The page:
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Olympus Stylus SH-50 review

Sabyasachi Biswas May 22 | Updated on May 20, 2013

Olympus SH-50 camera review

Olympus SH-50 camera review

Olympus SH-50 camera review

The Magic mode in the Olympus SH-50 contains filters like Dramatic Filter, as shot above - this filter exaggerates colours and gives an HDR-like effect.

The Olympus Stylus SH 50 is quick and eager to lock on with its AF in the macro mode, but noise shows in many indoor shots at even ISO 800.

Olympus SH-50 specs

How much can a point-and-shoot digital camera pack in, without losing image quality? And how many of the said features actually work?

The most versatile point-and-shoot camera, in my opinion, is something that should be fast to lock on to faces, quick to respond in terms of adjusting to lighting conditions in Auto modes, and has a host of features that one can play with. Most importantly, it should have good image quality.

That’s just a short checklist of what a point-and-shoot should have. That, and more pointers about what a good point-and-shoot should not have, were kept in mind when I got to lay my hands on the new Olympus Stylus SH50 digital camera.

Design and build

The SH50 seems like a ruggedly built camera. The exterior is mainly metal, making it slightly heavy, but I really didn’t mind it because toughness is something you’d want in a camera that you want to take places with you.

The collapsible 24x zoom tube could’ve been a little more evened out with the rubber grip, because it does get stuck in denims’ pockets. Yes, a pouch is very much needed for this one (which the manufacturer does provide).

On the back is a good touch interface – I say it’s good because it is surprisingly responsive for a resistive touch display. The flash has to be manually popped up and I’m okay with that. What I’m not okay with is the fact that the camera does not tell if a scene could do with flash.

Performance

The Olympus Stylus SH 50 is a fast camera – it takes just over a second to be ready to shoot after you push the power button. The zoom tube also comes into shooting position in the same time, and that too very silently. The iAuto mode also adjusts exposure at warp speed, and is complemented by a quick AF. That’s quite good if you’re travelling and see something click-worthy and you need to quickly whip out the camera and shoot.

During the testing I found out that the camera has a quick and responsive Auto Focus which seldom fails to recognise faces or track objects in motion. Yes, the responsiveness falters where light is not adequate. Nonetheless, the performance is quite good for a point-and-shoot. There are a lot of modes within the Magic mode, and quite frankly it’s a lot of fun to play around with these.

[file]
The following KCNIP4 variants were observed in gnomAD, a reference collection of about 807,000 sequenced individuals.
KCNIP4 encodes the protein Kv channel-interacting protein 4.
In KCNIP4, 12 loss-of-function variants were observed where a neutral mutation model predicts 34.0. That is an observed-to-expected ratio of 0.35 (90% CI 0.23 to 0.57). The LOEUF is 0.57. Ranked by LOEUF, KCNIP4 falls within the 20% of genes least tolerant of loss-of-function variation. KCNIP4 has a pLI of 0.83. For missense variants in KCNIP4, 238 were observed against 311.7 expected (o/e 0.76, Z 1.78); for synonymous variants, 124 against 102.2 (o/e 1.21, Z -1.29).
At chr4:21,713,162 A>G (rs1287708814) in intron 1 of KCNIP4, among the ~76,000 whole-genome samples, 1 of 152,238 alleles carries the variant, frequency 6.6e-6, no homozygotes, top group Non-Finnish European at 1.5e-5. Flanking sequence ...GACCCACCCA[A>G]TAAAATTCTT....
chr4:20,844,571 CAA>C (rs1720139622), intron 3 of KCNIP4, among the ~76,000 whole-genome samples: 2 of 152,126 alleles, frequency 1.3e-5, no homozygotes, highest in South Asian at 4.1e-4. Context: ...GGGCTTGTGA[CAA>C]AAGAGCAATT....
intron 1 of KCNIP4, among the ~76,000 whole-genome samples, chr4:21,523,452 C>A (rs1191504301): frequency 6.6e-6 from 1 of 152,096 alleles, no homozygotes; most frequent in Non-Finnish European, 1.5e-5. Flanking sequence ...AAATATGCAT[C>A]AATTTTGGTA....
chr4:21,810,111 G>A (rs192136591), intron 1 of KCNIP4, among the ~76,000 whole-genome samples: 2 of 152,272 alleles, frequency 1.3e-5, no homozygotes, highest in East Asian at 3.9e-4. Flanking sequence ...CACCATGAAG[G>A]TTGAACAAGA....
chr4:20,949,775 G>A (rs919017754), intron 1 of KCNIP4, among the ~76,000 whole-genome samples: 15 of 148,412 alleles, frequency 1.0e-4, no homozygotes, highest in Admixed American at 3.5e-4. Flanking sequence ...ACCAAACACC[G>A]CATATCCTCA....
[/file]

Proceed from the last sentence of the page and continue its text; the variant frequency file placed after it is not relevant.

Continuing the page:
For those who also like to have certain amount of manual control, there’s also a decent manual mode and the touch screen lets you select the AF zone manually if you wish to. The minimum macro distance is 3cm – put that together with the selectable AF, and you get good bokeh and macro shots.

Results

Pictures that were taken in daylight (on Auto or Scene modes) turned out to be very balanced. The highlights and the shadows were in perfect tandem, and even in bright sunlight, colours were never washed out. But being a point-and-shoot, the HS-50 sill has a small sensor (1/2.3-inch) and this pulls down the low light performance a bit.

Images taken indoors at ISO 1600 and above showed a lot of graininess, and the subjects’ edges also lacked sharpness when the images were seen on full size on a big monitor. The flash makes matters a bit worse, by washing out bright colours.

The most surprising bit about the camera, however, was its image stabilisation performance. Although the pictures were grainy because of the sensor, they didn’t have any blurs cause by camera shake even at shutter speeds as low as 1/4 seconds. Night and indoor portraits also turned out to be good. Videos too, were well captured in detail and stability, except for the fact that the zoom toggle is a bit too abrupt for comfort.

We say

Considering the fact that a lot of our vacation pictures end up on Facebook, Twitter, and Flickr rather than be printed and kept in albums, 16 megapixels are more than enough. As mentioned earlier, the images do tend to have a slight lack of sharpness and show grains above ISO 1600. But, these little flaws show up only when you blow the pictures up on a big screen. As long as you’re using the camera to capture and share colourful, action-packed and candid moments while on a trip, the Stylus SH-50 will prove to be a good companion.

Rs 22,990

Love – Awesome AF and Image stabilisation, fun filters

Hate – Average video functions, slightly grainy night shots

sabyasachi.b@thehindu.co.in

Published on May 20, 2013

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